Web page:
The In Defence of Youth Work campaign saw the light of day at Youth and Policy’s History conference in March 2009. The impetus came from the circulation of an Open Letter, which can be found on our site. At heart the Campaign seeks to defend and extend youth work as a distinctive educational practice founded on a voluntary relationship with young people and shaped by their agendas. Such an approach continues to be undermined through the imposition of predetermined targets and outcomes. Across these last five years we have tried to be a reference point of support and criticism for all those sympathetic to our definition of the cornerstones underpinning a democratic youth work practice.
The primacy of the voluntary principle; the freedom for young people to enter into and withdraw from Youth Work as they so wish, without compulsion or sanction.
A commitment to conversations with young people which start from their concerns and within which both youth worker and young person are educated and out of which opportunities for new learning and experience can be created.
The importance of association, of fostering supportive relationships, of encouraging the development of autonomous groups and ‘the sharing of a common life’.
A commitment to valuing and attending to the here-and -now of young people’s experience rather than just focusing on ‘transitions’.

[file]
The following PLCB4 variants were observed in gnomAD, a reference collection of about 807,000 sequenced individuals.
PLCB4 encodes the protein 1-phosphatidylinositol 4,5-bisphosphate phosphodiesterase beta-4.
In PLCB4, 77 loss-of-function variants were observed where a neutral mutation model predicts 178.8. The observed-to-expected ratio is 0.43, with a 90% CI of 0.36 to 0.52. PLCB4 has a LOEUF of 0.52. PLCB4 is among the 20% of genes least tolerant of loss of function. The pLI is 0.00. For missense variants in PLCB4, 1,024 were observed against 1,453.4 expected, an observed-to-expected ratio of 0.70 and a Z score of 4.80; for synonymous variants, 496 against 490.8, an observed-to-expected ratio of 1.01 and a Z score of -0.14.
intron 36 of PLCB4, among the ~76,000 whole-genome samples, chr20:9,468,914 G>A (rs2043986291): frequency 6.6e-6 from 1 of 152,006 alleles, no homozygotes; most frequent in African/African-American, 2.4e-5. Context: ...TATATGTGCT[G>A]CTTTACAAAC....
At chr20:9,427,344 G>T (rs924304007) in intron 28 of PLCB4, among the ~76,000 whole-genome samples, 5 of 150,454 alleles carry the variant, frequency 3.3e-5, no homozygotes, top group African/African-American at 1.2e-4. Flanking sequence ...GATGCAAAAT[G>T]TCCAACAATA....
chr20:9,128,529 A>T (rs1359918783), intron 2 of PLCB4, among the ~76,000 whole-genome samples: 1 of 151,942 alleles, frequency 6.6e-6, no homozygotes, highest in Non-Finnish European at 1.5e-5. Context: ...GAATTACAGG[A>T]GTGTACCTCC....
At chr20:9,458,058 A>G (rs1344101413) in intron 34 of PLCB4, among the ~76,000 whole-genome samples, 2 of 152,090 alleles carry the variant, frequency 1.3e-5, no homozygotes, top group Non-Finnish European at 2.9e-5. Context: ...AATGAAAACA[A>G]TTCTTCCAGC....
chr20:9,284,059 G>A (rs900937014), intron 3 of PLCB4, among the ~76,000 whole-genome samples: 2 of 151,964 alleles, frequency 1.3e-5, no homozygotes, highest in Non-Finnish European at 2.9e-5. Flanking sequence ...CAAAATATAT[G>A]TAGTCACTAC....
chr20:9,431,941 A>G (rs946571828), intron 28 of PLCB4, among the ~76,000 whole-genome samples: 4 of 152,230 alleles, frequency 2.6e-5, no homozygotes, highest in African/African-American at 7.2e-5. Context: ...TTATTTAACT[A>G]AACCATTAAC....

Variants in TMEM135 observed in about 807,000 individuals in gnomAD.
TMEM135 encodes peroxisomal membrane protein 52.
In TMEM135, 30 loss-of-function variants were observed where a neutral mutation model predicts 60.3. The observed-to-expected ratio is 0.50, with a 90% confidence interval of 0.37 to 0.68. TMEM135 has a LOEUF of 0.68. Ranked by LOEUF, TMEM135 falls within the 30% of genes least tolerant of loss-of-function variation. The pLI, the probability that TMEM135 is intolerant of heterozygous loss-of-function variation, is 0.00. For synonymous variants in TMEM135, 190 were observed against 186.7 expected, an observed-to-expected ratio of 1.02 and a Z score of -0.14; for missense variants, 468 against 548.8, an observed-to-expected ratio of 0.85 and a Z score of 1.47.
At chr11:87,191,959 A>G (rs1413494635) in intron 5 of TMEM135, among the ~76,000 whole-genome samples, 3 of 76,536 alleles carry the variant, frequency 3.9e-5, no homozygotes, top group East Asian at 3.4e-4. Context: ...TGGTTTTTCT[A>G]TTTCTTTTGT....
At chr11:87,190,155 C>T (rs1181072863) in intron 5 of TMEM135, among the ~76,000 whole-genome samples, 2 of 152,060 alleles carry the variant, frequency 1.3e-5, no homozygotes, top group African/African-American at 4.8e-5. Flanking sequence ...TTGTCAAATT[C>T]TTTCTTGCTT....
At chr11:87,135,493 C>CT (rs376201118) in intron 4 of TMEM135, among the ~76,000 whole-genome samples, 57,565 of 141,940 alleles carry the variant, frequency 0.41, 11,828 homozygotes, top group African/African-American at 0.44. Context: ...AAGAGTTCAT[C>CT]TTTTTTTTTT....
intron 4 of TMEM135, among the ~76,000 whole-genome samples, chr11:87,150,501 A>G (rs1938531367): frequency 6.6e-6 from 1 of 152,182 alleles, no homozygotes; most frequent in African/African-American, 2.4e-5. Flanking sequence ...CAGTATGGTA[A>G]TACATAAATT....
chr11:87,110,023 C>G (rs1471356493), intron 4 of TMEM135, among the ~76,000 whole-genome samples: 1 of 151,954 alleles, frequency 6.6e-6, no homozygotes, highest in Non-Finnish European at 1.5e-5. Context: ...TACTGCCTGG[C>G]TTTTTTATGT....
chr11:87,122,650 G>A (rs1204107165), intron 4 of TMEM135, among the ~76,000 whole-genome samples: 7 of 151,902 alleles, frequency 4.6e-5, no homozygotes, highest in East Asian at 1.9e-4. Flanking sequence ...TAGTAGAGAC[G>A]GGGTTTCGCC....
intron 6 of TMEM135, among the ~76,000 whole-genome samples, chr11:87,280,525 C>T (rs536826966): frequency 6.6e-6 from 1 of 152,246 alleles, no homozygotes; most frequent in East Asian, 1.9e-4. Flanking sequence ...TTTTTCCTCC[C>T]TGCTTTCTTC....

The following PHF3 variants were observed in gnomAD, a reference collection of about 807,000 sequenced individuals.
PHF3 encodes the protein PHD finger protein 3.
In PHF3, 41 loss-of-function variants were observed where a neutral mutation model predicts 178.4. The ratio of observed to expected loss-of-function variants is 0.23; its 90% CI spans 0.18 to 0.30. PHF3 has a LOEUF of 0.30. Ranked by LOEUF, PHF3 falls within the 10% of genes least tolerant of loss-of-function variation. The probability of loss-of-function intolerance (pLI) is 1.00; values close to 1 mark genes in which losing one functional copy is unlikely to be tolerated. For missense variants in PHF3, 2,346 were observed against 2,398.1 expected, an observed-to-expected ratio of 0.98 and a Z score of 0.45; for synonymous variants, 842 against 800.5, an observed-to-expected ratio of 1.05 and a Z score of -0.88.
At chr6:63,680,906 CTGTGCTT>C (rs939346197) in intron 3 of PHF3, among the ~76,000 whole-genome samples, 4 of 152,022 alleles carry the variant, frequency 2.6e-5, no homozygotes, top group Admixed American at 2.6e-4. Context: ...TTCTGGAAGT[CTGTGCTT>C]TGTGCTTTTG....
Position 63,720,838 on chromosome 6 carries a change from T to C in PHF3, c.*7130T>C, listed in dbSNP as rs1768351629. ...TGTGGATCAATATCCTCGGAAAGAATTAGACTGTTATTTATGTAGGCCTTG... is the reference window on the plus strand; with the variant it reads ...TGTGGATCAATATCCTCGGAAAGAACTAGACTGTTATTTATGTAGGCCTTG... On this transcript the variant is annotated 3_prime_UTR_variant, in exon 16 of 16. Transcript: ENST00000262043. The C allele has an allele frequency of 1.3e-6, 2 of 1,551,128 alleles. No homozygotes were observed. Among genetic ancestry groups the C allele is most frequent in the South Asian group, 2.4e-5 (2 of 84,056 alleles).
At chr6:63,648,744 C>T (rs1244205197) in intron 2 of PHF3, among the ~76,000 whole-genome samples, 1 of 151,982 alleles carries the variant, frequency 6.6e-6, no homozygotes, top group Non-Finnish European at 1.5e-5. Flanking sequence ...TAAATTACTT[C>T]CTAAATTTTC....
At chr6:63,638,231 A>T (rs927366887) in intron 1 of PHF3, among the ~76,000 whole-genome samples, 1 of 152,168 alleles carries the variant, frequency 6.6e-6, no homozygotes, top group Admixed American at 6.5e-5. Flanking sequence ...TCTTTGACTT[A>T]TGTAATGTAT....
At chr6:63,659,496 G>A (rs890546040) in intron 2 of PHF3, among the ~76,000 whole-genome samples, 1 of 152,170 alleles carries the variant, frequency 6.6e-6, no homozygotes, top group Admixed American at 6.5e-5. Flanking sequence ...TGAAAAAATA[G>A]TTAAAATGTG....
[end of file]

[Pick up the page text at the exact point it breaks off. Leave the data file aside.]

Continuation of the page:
An insistence upon a democratic practice within which every effort is made to ensure that young people play the fullest part in making decisions about anything affecting them.
The continuing necessity of recognising that young people are not a homogenous group and that issues of class, gender, race, sexuality, disability and faith remain central.
The essential significance of the youth worker themselves, whose outlook, integrity and autonomy is at the heart of fashioning a serious yet humorous, improvisatory yet rehearsed educational practice with young people.
In doing so we have organised conferences, seminars and workshops ; we have produced an acclaimed book, ‘This is Youth Work : Stories from Practice’, which is available for download ; and have maintained a stream of analysis, information and debate through our mailings, this web site and latterly our Facebook group.
In truth the landscape of work with young people continues to fracture. Against this fraught background our Campaign retains all its relevance.
Keep in touch and get involved via the site and Facebook
To contact us email firstname.lastname@example.org
We will set up a mailing list soon – watch this space!